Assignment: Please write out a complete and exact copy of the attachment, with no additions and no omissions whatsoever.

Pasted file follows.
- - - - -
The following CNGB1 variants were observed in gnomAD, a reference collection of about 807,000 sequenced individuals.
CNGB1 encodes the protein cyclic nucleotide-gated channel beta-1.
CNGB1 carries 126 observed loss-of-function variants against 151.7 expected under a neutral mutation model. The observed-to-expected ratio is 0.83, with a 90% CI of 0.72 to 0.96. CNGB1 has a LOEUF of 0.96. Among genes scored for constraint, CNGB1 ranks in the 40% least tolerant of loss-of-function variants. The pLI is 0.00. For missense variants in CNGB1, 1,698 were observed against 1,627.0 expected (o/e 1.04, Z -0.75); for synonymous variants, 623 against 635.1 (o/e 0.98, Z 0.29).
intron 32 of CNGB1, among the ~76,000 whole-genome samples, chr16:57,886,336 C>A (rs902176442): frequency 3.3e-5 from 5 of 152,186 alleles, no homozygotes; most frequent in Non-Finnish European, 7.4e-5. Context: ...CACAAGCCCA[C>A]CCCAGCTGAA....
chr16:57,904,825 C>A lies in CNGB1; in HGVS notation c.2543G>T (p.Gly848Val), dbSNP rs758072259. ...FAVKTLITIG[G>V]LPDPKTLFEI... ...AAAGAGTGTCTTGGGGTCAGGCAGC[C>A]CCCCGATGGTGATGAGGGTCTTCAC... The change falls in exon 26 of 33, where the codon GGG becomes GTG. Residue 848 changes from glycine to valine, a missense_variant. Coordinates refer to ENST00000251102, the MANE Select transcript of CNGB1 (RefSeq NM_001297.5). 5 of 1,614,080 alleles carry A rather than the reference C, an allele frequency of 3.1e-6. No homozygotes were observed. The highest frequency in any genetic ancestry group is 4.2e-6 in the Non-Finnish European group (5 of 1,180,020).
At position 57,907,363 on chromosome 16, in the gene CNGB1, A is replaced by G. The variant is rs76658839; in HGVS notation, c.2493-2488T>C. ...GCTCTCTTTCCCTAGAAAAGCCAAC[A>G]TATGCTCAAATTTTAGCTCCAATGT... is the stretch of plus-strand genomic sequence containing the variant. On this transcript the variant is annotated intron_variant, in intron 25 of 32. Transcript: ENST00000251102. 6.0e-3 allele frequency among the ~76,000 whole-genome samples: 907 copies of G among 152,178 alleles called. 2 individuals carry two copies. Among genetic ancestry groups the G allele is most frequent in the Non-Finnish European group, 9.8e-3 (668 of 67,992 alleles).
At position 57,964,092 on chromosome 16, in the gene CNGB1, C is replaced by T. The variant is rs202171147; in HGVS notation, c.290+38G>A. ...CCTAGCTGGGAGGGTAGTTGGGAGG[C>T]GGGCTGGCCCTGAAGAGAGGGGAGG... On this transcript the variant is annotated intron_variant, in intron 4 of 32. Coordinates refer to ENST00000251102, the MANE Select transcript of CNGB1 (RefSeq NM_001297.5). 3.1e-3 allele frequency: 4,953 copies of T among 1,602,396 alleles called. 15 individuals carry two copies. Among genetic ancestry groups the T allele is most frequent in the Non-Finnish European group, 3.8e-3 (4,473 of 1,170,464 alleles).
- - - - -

The following CNGB1 variants were observed in gnomAD, a reference collection of about 807,000 sequenced individuals.
CNGB1 encodes the protein cyclic nucleotide-gated channel beta-1.
CNGB1 carries 126 observed loss-of-function variants against 151.7 expected under a neutral mutation model. The observed-to-expected ratio is 0.83, with a 90% CI of 0.72 to 0.96. CNGB1 has a LOEUF of 0.96. Among genes scored for constraint, CNGB1 ranks in the 40% least tolerant of loss-of-function variants. The pLI is 0.00. For missense variants in CNGB1, 1,698 were observed against 1,627.0 expected (o/e 1.04, Z -0.75); for synonymous variants, 623 against 635.1 (o/e 0.98, Z 0.29).
intron 32 of CNGB1, among the ~76,000 whole-genome samples, chr16:57,886,336 C>A (rs902176442): frequency 3.3e-5 from 5 of 152,186 alleles, no homozygotes; most frequent in Non-Finnish European, 7.4e-5. Context: ...CACAAGCCCA[C>A]CCCAGCTGAA....
chr16:57,904,825 C>A lies in CNGB1; in HGVS notation c.2543G>T (p.Gly848Val), dbSNP rs758072259. ...FAVKTLITIG[G>V]LPDPKTLFEI... ...AAAGAGTGTCTTGGGGTCAGGCAGC[C>A]CCCCGATGGTGATGAGGGTCTTCAC... The change falls in exon 26 of 33, where the codon GGG becomes GTG. Residue 848 changes from glycine to valine, a missense_variant. Coordinates refer to ENST00000251102, the MANE Select transcript of CNGB1 (RefSeq NM_001297.5). 5 of 1,614,080 alleles carry A rather than the reference C, an allele frequency of 3.1e-6. No homozygotes were observed. The highest frequency in any genetic ancestry group is 4.2e-6 in the Non-Finnish European group (5 of 1,180,020).
At position 57,907,363 on chromosome 16, in the gene CNGB1, A is replaced by G. The variant is rs76658839; in HGVS notation, c.2493-2488T>C. ...GCTCTCTTTCCCTAGAAAAGCCAAC[A>G]TATGCTCAAATTTTAGCTCCAATGT... is the stretch of plus-strand genomic sequence containing the variant. On this transcript the variant is annotated intron_variant, in intron 25 of 32. Transcript: ENST00000251102. 6.0e-3 allele frequency among the ~76,000 whole-genome samples: 907 copies of G among 152,178 alleles called. 2 individuals carry two copies. Among genetic ancestry groups the G allele is most frequent in the Non-Finnish European group, 9.8e-3 (668 of 67,992 alleles).
At position 57,964,092 on chromosome 16, in the gene CNGB1, C is replaced by T. The variant is rs202171147; in HGVS notation, c.290+38G>A. ...CCTAGCTGGGAGGGTAGTTGGGAGG[C>T]GGGCTGGCCCTGAAGAGAGGGGAGG... On this transcript the variant is annotated intron_variant, in intron 4 of 32. Coordinates refer to ENST00000251102, the MANE Select transcript of CNGB1 (RefSeq NM_001297.5). 3.1e-3 allele frequency: 4,953 copies of T among 1,602,396 alleles called. 15 individuals carry two copies. Among genetic ancestry groups the T allele is most frequent in the Non-Finnish European group, 3.8e-3 (4,473 of 1,170,464 alleles).